Understanding health literacy

Many times, when nurses hear about health literacy it is in the context of patient education or reading level. But is that all health literacy is about?

This story was published in the Fall 2022 issue of The Washington Nurse.

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Credit: Adobe Stock / DC Studio

Per the National Institutes of Health, “health literacy is the degree to which individuals have the ability to find, understand, and use information and services to inform health-related decisions and actions for themselves and others.”

This means that while a patient’s ability to read is certainly important, the patient’s ability to comprehend the health information they have been given and use it to make informed decisions is paramount for health literacy. This is much more than just reading level!

It is important to acknowledge that health literacy (and a lack thereof) does not correlate with intelligence or education. Everyone, no matter their background, can be at the risk of misunderstanding health information, especially if the topic is complex or brand new, emotions are high, or the patient has had little interaction with healthcare systems.

So, what can you do to assess health literacy in your patients and ensure they receive information they can understand and apply?

  • As with any nursing assessment, understand the patient’s baseline. Keep in mind that our baseline knowledge as healthcare professionals is quite different than what the average layperson understands about health!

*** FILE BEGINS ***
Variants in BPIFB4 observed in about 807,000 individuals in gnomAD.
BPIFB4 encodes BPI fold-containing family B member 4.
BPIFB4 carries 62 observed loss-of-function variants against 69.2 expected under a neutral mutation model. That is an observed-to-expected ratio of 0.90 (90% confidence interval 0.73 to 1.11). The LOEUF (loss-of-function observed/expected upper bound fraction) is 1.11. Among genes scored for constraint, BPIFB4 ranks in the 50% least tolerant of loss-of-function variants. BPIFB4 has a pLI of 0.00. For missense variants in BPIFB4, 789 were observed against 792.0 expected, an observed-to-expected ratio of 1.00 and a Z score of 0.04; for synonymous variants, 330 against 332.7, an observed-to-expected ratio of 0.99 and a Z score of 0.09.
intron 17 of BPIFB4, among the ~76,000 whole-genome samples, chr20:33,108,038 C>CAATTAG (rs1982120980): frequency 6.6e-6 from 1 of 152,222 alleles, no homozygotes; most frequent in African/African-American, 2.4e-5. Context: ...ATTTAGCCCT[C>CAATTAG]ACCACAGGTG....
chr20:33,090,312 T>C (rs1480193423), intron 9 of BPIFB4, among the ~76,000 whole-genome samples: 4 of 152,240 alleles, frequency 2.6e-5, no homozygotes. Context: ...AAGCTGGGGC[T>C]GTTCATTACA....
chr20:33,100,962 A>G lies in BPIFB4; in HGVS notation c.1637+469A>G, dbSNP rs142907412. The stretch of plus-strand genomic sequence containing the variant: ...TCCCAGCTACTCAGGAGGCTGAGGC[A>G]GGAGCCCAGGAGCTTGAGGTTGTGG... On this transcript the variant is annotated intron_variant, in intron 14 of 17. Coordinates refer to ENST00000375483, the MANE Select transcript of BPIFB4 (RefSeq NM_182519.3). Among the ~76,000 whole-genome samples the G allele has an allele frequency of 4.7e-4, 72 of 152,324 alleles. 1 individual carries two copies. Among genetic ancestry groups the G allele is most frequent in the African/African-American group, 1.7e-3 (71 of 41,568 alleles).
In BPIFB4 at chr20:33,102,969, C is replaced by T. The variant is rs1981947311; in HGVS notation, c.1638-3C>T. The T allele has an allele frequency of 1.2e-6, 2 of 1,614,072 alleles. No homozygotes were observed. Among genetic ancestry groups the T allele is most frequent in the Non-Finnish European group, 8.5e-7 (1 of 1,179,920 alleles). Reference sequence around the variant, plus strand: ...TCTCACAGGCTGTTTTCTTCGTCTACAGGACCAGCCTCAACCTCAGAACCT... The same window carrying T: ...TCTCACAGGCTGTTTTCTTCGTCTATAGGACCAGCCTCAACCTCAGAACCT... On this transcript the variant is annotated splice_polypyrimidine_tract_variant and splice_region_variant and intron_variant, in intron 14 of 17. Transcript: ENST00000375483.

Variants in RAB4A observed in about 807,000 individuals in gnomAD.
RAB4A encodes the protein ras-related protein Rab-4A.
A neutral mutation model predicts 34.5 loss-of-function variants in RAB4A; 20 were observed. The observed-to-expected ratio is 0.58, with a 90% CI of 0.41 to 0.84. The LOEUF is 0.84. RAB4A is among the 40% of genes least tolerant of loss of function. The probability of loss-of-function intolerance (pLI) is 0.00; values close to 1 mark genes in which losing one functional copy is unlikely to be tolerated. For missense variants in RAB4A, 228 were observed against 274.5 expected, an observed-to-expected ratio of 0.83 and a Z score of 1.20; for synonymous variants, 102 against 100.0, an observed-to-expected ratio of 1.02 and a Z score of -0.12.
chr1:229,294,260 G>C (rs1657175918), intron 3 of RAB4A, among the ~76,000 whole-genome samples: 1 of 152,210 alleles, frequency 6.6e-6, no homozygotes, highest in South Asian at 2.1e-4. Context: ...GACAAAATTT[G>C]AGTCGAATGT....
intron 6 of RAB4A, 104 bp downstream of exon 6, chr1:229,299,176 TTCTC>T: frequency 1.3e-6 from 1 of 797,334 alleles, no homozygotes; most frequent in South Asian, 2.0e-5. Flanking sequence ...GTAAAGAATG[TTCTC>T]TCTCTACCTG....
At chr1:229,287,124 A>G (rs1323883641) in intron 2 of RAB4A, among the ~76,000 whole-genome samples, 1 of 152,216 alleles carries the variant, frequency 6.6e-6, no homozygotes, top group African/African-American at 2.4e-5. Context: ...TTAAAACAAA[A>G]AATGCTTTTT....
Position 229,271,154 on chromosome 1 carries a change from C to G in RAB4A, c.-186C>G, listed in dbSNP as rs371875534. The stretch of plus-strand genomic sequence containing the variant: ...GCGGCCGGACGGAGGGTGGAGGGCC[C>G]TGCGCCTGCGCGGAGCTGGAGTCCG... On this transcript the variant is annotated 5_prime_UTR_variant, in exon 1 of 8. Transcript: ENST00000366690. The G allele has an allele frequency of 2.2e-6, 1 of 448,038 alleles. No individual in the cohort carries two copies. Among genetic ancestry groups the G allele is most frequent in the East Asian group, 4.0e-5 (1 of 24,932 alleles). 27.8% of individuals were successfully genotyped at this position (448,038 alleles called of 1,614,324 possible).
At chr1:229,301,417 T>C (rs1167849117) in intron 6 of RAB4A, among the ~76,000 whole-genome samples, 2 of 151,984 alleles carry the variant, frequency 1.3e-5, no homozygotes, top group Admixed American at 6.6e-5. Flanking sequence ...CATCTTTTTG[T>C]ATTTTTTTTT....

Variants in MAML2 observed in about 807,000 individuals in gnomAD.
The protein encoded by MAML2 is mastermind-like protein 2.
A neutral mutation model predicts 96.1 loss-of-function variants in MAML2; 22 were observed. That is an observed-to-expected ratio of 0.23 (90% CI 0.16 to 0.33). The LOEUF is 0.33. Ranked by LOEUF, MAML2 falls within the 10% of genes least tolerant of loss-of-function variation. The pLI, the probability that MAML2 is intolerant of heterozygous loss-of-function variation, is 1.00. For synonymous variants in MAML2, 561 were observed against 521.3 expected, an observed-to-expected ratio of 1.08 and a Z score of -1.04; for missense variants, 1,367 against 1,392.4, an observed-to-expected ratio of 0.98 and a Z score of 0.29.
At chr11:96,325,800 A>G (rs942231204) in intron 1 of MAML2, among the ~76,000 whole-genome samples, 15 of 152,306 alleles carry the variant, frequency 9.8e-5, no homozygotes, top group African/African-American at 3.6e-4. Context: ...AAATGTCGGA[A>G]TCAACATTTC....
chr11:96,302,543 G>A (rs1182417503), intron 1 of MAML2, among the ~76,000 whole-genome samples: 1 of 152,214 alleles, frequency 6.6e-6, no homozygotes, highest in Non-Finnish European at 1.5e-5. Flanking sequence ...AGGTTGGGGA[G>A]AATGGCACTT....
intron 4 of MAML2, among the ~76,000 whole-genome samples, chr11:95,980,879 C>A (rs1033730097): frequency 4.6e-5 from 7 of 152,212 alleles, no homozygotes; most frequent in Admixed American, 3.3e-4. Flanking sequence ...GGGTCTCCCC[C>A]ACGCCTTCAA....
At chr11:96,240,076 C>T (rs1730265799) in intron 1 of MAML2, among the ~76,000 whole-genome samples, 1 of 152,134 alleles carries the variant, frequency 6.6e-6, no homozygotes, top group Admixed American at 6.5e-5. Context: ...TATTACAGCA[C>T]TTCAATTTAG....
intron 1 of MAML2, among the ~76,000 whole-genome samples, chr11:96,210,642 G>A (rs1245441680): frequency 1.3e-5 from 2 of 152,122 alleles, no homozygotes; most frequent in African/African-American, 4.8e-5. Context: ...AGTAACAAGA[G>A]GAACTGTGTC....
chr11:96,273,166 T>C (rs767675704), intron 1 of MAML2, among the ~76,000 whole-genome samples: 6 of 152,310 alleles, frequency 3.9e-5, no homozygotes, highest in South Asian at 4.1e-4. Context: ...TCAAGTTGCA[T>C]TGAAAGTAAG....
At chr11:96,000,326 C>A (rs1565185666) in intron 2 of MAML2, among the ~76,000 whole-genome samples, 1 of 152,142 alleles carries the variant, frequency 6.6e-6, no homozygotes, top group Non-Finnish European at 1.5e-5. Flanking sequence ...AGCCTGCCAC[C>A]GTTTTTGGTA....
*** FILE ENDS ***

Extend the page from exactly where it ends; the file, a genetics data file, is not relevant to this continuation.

• Patients who do not speak English as a first language can have additional barriers to health literacy. Hospitals are required to provide interpreter services for any patient who needs them. A video or in-person interpreter can supplement, but not entirely replace, patient education materials in their first language. (Note that qualified medical interpreters are required to be provided; friends, family, and bilingual staff do not meet this requirement!)
  • Minimize the use of jargon. Medical and healthcare terms can be a whole language all by themselves, and most of the time it is a language that patients do not know. Strive to use simple, clear, precise language, especially when explaining something for the first time.
  • Patients can be afraid or embarrassed to ask questions; but do not assume they don’t have any! Instead of asking, “Do you have any questions?” consider reframing the question to “What questions do you have?” This lets patients know that it is normal and expected to have questions and helps to create a safe environment to ask them.

The gold standard for determining the reading level of healthcare-related materials is the Simple Measure of Gobbledygook (SMOG). Yes, that is its real name! SMOG uses several criteria to analyze text and assign a reading level based on grade level. This formula was developed in 1969 and is still in use today.